I Identify as a Geek

I was thinking this morning about how awkward I was in high school. I was closest to my brother rather than my two sisters growing up. It was not until later in life I developed such a great bond with my sisters. So, I was highly influenced by my brother as I looked up to him so much.

Sure, I played with dolls some. I had a Chatty Cathy my parents got me for Christmas, and I had some old school Barbie dolls with more homemade dresses than store-bought. I was a tomboy through and through. I never wore dresses except to church and when required to wear them to school. (Girls could not wear slacks no matter how cold it was).

My brother and I played a lot of ‘boy’ things. He pretended he was my Dad and I pretended I was his best friend, R.D.  I stood beside him and pretended to to shave with his razor with cardboard blades. I played a lot with his small die cast cars, making roads and towns in the dirt. I dug nightcrawlers and baited my own hook. We climbed on the top bunkbed and fished for wire coat hangers strewn on the floor with makeshift fishing poles and hooks made of open safety pins. I was a tomboy through and through.

As I matured and developed an interest in boys, I dressed and behaved in a more feminine way. I grew my hair long but I was very much a geek. I was an art geek, a band geek, a latin geek, and eventually a Civil Air Patrol geek spending my free time learning about the history of aviators. And yes, on Civil Air Patrol Day I wore my uniform to school.

I have always supported non gender-biased roles, especially for children.  This is how we discover who we are. I joined the Air Force at 18 and saw the world full of non traditional roles for women. When I made my career change into the world of what was then called data processing, women were definitely in the minority. I was fortunate to be mentored by smart professionals, both male and female, and I did very well in my career. I had more male friends than female, just because of the situation.

Years later after many downsizings and reorganizations, I went back to school. I remember my daughter’s words “look at my mom being a non-trad’. Ha. I guess I was. Going back to school as an almost 60 year-old-woman to study web design, I was definitely non-traditional but more by age than gender. 90 percent of my class consisted of women. What a change.

I still love nerdy and geeky things. I wear slacks more than dresses. In many ways, I am still that geeky tomboy. I love tools and making things from metal. All of these things are what make me my kind of woman. We are all different. We all express ourselves in different ways. I love my geeky side.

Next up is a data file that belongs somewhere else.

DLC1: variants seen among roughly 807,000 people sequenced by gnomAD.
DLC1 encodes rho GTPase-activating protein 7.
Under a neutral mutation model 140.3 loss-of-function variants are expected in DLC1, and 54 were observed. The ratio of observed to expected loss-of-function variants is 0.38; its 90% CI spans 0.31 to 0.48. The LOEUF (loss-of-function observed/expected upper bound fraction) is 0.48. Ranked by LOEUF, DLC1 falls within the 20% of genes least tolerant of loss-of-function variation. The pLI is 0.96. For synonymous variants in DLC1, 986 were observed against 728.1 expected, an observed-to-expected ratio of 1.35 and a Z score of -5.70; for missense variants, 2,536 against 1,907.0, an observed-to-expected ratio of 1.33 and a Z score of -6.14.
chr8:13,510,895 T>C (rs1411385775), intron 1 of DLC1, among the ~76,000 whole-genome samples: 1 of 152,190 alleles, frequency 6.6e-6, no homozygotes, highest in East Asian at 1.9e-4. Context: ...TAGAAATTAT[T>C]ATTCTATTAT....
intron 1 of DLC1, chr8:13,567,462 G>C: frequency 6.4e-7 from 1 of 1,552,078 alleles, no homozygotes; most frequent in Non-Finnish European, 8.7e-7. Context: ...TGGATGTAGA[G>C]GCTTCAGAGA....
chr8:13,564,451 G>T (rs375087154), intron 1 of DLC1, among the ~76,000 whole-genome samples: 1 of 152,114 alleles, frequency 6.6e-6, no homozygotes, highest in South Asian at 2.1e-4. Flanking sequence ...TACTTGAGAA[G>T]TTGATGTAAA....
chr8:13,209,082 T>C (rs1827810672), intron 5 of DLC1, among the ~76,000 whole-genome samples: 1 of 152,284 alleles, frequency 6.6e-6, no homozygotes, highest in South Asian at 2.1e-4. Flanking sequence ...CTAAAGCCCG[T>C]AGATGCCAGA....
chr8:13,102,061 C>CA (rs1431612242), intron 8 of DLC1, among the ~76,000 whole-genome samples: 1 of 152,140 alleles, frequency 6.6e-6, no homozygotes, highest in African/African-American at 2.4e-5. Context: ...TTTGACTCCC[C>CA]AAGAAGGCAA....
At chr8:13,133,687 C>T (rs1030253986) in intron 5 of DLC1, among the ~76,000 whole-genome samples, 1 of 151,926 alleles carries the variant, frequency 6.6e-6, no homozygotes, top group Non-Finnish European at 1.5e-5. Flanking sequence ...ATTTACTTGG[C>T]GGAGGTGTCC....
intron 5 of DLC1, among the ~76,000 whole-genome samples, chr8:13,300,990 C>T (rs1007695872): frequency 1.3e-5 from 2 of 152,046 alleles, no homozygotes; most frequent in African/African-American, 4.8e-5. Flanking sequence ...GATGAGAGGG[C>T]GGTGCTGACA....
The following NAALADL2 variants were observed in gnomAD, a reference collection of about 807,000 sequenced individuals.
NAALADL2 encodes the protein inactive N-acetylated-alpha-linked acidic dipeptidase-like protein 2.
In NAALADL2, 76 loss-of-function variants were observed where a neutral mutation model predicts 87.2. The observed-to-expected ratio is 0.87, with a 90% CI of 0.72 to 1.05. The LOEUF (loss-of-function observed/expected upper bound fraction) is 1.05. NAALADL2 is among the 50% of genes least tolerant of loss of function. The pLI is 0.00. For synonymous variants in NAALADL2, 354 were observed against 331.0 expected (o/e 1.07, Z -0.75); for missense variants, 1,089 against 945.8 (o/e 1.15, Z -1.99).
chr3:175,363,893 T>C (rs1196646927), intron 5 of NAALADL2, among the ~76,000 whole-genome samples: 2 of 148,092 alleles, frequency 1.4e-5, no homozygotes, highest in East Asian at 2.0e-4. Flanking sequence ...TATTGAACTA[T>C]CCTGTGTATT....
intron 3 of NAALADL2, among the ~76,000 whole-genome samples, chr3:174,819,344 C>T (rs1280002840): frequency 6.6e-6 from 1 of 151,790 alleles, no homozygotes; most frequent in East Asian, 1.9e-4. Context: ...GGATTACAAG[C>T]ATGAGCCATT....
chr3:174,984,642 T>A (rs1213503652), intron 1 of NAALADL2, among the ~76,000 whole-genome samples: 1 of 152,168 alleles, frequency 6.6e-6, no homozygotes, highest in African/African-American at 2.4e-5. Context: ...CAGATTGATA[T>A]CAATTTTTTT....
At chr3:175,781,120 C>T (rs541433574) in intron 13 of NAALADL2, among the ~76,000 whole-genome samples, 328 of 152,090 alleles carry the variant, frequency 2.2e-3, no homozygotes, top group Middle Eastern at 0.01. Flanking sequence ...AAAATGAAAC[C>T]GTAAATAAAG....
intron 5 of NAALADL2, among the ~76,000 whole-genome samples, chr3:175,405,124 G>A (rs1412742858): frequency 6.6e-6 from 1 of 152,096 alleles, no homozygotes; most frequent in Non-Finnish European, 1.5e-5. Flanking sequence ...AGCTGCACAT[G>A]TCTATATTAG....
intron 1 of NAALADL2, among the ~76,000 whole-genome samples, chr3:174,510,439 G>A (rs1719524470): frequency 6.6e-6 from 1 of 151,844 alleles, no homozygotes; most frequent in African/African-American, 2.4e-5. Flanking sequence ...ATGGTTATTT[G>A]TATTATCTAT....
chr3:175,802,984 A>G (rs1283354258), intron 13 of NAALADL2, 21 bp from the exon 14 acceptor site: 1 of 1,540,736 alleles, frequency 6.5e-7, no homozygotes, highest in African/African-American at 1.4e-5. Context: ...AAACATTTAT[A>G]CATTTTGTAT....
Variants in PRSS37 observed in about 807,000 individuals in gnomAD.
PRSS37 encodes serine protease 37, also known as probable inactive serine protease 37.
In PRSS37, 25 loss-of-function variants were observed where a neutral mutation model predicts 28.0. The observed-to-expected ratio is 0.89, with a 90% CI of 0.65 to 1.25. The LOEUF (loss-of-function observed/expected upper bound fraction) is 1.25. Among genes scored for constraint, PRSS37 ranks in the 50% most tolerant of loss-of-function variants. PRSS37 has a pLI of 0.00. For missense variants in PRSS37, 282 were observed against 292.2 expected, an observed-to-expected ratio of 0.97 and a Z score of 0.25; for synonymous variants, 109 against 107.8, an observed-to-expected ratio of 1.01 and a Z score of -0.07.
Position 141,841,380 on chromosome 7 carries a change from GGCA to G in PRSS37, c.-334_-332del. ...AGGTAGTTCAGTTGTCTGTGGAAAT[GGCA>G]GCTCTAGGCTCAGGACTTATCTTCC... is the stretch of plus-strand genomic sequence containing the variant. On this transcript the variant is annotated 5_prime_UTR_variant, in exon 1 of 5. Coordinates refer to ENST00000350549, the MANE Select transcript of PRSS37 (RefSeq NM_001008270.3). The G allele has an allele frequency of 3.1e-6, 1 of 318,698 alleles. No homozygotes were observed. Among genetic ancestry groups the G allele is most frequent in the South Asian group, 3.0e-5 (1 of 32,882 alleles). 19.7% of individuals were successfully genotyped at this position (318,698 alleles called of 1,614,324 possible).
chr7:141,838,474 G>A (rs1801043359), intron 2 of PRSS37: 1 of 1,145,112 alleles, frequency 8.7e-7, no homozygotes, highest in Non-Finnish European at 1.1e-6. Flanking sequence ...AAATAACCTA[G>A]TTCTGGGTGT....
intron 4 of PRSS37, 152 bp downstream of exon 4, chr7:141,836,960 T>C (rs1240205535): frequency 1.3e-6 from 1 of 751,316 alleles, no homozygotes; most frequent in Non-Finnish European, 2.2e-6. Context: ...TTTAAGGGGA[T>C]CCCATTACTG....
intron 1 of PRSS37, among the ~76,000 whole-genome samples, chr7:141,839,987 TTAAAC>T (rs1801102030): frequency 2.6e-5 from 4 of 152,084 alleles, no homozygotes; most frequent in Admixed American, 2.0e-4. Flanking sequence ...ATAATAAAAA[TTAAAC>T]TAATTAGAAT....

27 thoughts on “I Identify as a Geek”

  1. I read this title too fast and thought you said you identified as a Greek. Then I thought what were the chances that you and my grandchildren were both Greek. Then I read the post and saw what it really said. Humorously the idea that you are Greek seems to have taken root in my brain!

    Liked by 1 person

    1. English and Irish it appears! Glad you got a good chuckle. My mind went immediately to grape leaves and how I dislike them! What minds we have!

      Liked by 2 people

  2. I didn’t have siblings, so my solo games were driven by an over-active imagination.
    I don’t think I was ever a geek, though I was considered to be something of a ‘good boy’ for doing well at school instead of behaving badly.
    In the late1980s, I did become a camera ‘geek’ though, obsessing about cameras and lenses, and building a large collection.
    Best wishes, Pete.

    Liked by 1 person

    1. I am a camera geek, too, Pete. I think we have a representation of every kind of camera with the exception of a large format which takes a level of patience I do not possess.


  3. The world of technology would still benefit from more geeky women entering the field. I had both male and female developers working with me for many years. They were all talented, but the women seemed to more naturally understand things from a holistic view of the problem to be solved.

    Liked by 1 person

    1. Very interesting perspective, Dan, and nice to read. I was fortunate to have strong male mentors and in my first IT job, a strong black woman for a manager. Between the two I was fortunate to develop a certain tenacity for the work. Problem solving was my forte.

      Liked by 1 person

    1. Passion is truly it! Sometimes those on the outside looking in cannot understand what we ‘geek out’ about. Thank you for stopping by and commenting.

      Liked by 1 person

Comments are closed.